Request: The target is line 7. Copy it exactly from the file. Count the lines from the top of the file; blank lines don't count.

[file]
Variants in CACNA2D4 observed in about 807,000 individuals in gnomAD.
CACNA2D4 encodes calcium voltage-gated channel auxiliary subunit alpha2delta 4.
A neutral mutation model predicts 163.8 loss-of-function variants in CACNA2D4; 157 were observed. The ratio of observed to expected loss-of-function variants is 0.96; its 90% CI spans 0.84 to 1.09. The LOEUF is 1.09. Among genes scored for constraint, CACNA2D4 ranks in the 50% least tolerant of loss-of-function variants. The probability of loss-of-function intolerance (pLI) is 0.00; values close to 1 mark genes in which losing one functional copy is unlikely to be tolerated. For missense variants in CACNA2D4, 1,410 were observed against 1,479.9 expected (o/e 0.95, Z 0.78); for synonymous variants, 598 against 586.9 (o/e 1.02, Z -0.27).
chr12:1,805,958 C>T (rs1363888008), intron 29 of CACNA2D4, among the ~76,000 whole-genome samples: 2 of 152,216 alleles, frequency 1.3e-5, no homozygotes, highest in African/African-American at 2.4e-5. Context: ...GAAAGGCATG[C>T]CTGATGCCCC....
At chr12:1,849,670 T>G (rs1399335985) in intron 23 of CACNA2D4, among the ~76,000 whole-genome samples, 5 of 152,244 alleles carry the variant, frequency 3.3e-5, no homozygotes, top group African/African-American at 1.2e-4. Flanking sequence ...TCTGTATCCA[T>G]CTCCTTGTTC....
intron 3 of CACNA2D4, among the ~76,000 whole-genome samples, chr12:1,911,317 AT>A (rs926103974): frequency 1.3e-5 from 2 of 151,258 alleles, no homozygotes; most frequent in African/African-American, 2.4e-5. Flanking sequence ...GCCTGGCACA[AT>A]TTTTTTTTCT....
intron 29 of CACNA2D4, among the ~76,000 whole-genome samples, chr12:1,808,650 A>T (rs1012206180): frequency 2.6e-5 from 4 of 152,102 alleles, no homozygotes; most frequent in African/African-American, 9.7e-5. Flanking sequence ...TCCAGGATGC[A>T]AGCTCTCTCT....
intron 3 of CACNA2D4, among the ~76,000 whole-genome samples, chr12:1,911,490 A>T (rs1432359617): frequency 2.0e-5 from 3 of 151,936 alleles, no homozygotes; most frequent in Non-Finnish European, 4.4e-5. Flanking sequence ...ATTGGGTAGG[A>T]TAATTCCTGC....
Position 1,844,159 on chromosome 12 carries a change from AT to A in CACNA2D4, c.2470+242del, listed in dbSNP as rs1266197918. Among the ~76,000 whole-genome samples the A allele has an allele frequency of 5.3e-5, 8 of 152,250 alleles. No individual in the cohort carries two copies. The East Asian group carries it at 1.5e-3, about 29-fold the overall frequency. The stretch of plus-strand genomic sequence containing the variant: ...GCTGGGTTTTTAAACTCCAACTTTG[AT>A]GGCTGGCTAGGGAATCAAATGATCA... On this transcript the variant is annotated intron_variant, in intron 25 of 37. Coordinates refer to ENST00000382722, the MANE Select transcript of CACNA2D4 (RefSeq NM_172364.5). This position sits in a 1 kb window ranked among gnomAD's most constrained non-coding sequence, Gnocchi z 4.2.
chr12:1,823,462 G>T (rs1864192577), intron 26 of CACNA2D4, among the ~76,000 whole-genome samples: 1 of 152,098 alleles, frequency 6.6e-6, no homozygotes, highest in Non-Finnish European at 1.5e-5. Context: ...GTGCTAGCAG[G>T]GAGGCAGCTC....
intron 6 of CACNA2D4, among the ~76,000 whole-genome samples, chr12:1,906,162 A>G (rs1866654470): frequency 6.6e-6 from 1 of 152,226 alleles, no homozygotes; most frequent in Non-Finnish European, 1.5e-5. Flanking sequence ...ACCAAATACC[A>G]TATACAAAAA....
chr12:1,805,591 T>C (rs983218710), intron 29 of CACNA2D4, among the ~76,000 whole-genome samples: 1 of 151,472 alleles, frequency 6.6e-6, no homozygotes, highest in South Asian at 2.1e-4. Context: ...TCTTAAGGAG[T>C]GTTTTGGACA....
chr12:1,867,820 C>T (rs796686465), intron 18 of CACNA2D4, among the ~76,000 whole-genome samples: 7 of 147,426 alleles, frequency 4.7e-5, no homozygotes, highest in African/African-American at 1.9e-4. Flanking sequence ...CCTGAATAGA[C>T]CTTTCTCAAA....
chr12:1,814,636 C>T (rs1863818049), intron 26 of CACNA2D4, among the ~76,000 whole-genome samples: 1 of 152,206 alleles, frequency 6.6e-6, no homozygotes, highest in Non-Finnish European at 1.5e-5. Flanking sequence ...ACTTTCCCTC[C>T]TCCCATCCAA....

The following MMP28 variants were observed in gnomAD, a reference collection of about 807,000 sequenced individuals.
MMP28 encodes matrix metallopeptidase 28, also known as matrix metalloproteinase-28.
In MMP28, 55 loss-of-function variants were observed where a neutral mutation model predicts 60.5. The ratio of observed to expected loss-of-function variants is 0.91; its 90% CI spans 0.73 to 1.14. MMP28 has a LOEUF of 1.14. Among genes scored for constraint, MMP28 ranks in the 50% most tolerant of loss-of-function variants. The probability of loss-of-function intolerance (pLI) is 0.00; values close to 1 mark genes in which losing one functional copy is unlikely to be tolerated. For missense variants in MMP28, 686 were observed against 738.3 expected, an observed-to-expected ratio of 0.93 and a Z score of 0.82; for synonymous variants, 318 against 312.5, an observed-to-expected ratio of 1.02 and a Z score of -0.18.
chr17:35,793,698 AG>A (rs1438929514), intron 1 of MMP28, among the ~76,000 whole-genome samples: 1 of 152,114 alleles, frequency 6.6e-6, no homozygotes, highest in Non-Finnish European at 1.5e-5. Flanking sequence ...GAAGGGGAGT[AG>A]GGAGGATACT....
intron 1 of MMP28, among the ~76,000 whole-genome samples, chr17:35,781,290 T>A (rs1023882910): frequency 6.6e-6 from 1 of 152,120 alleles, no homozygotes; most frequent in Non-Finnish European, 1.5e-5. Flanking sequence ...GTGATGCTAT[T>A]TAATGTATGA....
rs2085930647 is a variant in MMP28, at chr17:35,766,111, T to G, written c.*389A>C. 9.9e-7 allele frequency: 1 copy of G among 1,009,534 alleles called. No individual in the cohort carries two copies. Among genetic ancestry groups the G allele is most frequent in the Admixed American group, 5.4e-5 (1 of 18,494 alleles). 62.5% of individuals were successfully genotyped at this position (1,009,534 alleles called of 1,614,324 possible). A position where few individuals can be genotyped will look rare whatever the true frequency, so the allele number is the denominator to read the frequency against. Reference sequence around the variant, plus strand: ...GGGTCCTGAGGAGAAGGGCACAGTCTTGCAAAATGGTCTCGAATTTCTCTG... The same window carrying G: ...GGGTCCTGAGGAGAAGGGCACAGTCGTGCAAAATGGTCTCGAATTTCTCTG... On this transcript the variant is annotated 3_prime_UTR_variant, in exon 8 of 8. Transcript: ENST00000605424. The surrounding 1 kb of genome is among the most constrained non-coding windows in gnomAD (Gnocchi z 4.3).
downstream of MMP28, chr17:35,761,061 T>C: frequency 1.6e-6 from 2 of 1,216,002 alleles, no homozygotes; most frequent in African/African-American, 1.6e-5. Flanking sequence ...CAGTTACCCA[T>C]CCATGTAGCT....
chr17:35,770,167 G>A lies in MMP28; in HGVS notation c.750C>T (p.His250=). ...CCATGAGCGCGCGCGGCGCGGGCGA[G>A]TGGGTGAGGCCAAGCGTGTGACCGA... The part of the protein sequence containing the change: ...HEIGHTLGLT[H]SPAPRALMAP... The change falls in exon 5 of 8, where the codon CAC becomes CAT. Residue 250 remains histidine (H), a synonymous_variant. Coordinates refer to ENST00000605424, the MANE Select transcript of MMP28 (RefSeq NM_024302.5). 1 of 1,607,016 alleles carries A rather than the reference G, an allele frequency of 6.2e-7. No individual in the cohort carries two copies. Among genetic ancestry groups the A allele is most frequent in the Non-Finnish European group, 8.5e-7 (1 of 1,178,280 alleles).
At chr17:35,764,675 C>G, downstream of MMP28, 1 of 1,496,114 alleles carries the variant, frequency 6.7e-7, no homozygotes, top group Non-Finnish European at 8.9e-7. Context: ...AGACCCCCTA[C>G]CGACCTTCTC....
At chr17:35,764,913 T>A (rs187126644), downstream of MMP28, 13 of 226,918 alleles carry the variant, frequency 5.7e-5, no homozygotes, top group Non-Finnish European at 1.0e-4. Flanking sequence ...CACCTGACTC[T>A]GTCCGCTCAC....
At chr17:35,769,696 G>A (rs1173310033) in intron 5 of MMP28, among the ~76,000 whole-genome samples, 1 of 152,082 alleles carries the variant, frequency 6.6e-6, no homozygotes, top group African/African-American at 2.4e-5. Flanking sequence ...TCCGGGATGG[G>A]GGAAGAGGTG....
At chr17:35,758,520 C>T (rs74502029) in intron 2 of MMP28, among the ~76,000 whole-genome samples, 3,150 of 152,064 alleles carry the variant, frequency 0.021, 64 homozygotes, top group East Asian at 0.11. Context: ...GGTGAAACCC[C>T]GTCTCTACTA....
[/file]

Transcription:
intron 29 of CACNA2D4, among the ~76,000 whole-genome samples, chr12:1,808,650 A>T (rs1012206180): frequency 2.6e-5 from 4 of 152,102 alleles, no homozygotes; most frequent in African/African-American, 9.7e-5. Flanking sequence ...TCCAGGATGC[A>T]AGCTCTCTCT....